The big talking point at the time centered around how adaptable the editor is when building layouts. You can be almost pinpoint accurate when it comes to implementing the ‘box model’ on your site. It’s a graphic designer’s (and front end developer’s) dream:
Though, as Elementor has evolved, it’s gained more ground in areas outside of editing. For example, form plugins can’t rest easy – Elementor’s built-in form builder does away with the need for a third-party plugin. Other WooCommerce themes will sweat too, as Elementor lets you create a fully-functional store with its toolkit.
In fact, almost no niche is safe when it comes to Elementor’s offerings. Because of this, the user base has shot up. It helps that there’s a huge community initiative too – almost as vibrant as WordPress itself.
It’s understandable that WordPress’ top brass are hot under the collar. The Elementor team has come under fire due to misleading ads that undermine the WordPress project. Given that the Block Editor is front and center when it comes to WordPress’ key selling points, a solution such as Elementor bundled with its own blank starter theme is trouble.
On the whole, the next phase of WordPress will be a fight between Elementor and the Block Editor. This is good for competition, although it could mean huge fallout in the near future.
Elementor’s Competitors (And How It Stacks Up)
As we’ve touched on, there are a few competitors chasing Elementor right now. The Block Editor is (of course) the primary target because it’s a native way of building a layout within WordPress.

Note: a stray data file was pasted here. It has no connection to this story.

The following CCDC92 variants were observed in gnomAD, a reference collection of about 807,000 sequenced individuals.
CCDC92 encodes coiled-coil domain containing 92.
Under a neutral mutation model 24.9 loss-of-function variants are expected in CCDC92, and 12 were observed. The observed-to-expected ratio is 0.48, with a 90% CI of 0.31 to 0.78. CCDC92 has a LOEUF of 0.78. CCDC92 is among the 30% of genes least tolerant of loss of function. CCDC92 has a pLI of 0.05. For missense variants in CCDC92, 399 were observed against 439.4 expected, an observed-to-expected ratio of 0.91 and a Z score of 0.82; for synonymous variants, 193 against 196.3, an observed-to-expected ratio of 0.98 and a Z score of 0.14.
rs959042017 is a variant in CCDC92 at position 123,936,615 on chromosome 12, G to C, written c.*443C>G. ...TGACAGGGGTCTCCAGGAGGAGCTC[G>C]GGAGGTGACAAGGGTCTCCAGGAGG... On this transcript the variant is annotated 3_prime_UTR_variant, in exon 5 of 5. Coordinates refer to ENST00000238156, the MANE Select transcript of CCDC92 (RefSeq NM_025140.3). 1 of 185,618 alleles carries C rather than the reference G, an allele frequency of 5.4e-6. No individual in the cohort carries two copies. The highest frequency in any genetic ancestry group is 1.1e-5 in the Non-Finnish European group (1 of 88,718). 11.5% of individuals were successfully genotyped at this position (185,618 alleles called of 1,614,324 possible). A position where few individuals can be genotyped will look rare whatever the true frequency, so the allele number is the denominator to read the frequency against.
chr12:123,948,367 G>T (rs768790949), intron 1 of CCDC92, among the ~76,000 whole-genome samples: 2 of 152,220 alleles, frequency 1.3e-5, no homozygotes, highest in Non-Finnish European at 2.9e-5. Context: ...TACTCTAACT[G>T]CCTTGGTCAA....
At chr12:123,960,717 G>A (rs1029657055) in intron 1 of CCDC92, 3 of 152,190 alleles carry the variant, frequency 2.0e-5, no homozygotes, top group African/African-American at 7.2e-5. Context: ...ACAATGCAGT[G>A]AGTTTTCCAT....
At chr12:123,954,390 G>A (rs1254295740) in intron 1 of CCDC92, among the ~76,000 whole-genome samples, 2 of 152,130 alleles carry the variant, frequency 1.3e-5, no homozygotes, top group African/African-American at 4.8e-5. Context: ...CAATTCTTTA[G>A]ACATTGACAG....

Right now, the Block Editor can’t touch the breadth and depth of Elementor’s functionality. Though, the core development team are all hand on deck to try and bring Full-Site Editing (FSE) to the masses sooner rather than later. When this happens, expect fireworks between leading WordPress figures and Elementor.
There are also other page builders vying for attention – the most notable being Beaver Builder:
This is another solution we’ve talked about before on the blog, and it has a different aesthetic and goals to Elementor. You could argue that Beaver Builder is more focused on building layouts, rather than becoming a framework within WordPress. Though, it’s fair to say there are hardcore fans of Beaver Builder as much as there are Elementor.
The previous ThemeForest darling in the WPBakery Page Builder is falling behind as a go-to solution as well. Even a cursory glance at ThemeForest’s marketplace will show you that Elementor is mentioned just as much as the previous Visual Composer.
There are a bunch of other page builders on the market, such as the Divi Builder, and even full themes such as Avada. Though, it appears as though there are two camps – plugins that lock you in using shortcodes and custom infrastructures, and those such as Elementor that don’t. The public is voting for no lock in, and it will be interesting to see what the likes of Divi, Avada, and even WPBakery do in future.